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Still River (Housatonic River tributary) facts for kids

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Still River bridge 019
Mouth of the Still River is traversed by a bridge that carries the Housatonic Railroad near Lovers Leap State Park

The Still River is a 25.4-mile-long (40.9 km) tributary to the Housatonic River in western Connecticut.

Course and watershed

The Still River headwaters emanate from Farrington's Pond (41°24′15″N 73°32′16″W / 41.4043°N 73.5379°W / 41.4043; -73.5379) at the New York border with Danbury, Connecticut. It meanders through Sanfords Pond (41°23′39″N 73°32′10″W / 41.3943°N 73.5362°W / 41.3943; -73.5362) and Lake Kenosia (41°23′02″N 73°30′11″W / 41.384°N 73.503°W / 41.384; -73.503) before entering a concrete aqueduct near downtown Danbury. It then turns north, becoming a more conventional river as it cuts through Brookfield and southern New Milford before joining with the Housatonic (41°32′45″N 73°24′31″W / 41.5457°N 73.4085°W / 41.5457; -73.4085). The river has a drainage area of 85 square miles, and a mean flow of 377 cubic feet per second.

The Still River has a brief but impactful history that has influenced its condition today. The farming industry in Danbury led to extreme pollution in the river. Beginning around the 1860s, the river again experienced significant mercury pollution from the hatting industry that continued for several years. This pollution had both ecological and anthropogenic effects on the surrounding environment, eventually leading to a need for remediation and cleanup.


Even before the hatting industry began in the late 1700s, the Still River was known as a dead river. This was due to pollution from farms in the area surrounding Danbury, CT. Farmers used the river as a site to get rid of waste and other toxic debris. Historical documents from Danbury and surrounding towns cited the river as a sewage dump around the 1880s, and the water was unusable for both agricultural and industrial use. It wasn't until a court case ruling in 1895, along with the Clean Water Act in 1972 that the city of Danbury was required to take responsibility for the state of the river. In 1993, Danbury constructed a new sewage treatment plant to help improve water quality. In 2014, the Still River Partners was created with the hopes of rebuilding the watershed, and as of 2019, this group is still responsible for maintaining and improving the river.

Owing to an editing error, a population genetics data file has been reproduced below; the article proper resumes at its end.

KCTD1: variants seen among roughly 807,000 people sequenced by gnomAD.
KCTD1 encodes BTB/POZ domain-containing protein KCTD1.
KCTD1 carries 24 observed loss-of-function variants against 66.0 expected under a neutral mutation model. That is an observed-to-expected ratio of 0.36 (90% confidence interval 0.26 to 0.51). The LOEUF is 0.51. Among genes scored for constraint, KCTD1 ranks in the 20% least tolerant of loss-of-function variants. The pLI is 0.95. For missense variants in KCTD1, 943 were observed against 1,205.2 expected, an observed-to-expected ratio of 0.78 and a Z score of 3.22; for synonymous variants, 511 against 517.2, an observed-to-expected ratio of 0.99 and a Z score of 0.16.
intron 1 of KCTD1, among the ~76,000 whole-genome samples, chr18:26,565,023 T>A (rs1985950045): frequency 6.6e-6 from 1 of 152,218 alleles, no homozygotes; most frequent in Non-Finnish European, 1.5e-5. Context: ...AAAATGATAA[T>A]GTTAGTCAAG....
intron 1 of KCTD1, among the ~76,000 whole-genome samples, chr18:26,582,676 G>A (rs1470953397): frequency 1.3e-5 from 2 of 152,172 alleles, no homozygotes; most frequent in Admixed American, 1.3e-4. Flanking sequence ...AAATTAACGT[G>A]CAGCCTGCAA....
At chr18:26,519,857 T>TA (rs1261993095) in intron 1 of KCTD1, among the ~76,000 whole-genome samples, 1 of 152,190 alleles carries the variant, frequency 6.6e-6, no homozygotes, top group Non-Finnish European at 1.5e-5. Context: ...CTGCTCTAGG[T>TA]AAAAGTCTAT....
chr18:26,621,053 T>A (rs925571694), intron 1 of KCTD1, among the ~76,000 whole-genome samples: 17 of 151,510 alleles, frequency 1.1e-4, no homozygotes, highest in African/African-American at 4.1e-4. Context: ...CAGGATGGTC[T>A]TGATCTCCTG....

Mercury nitrate was discharged to the river by the hatting industry from circa 1860 through the first half of the 1900s. The hat factories used the chemical in the felt making process to remove animal fur from pelts. During this time, levels of mercury were found to be 5-10 ppm with extremes up to 100 ppm. These levels were about 500 times higher than background levels. Although the hatting industry was the main cause of mercury pollution, there were other industries that contributed as well. The P. Robinson Fur Cutting Company was a fur removal company sited on the Still River.

During the peak of the hatting industry, mercury pollution transported via the river's current into the Housatonic River, and into the Long Island Sound.

The mercury pollution was detrimental to the river's life and the surrounding ecosystems, and didn't start to fully rebound until the construction of the sewage treatment plant. Many species of fish can now be found, and kayak ramps have been installed downriver from Danbury.

Cleanup and Remediation

At least three organizations have an interest in preserving the Still River and its watershed. Spearheaded by Danbury's Health Department, the Still River Alliance was organized in 1995 as a consortium of three different groups. The Alliance developed a website (see external links below) which has not been updated for several years. Due to budget cuts, the driving force behind the Alliance, Jack Kozuchowski, retired and the Still River Alliance seems to have floundered since then. Mr. Kozuchowski is currently an environmental consultant. Coordinated by the Housatonic Valley Association and with funding from Connecticut Department of Energy and Environmental Protection, key stakeholders and municipalities formed the Still River Partners group and launched an EPA approved watershed planning process to improve the water quality of the Still River which is still active today.

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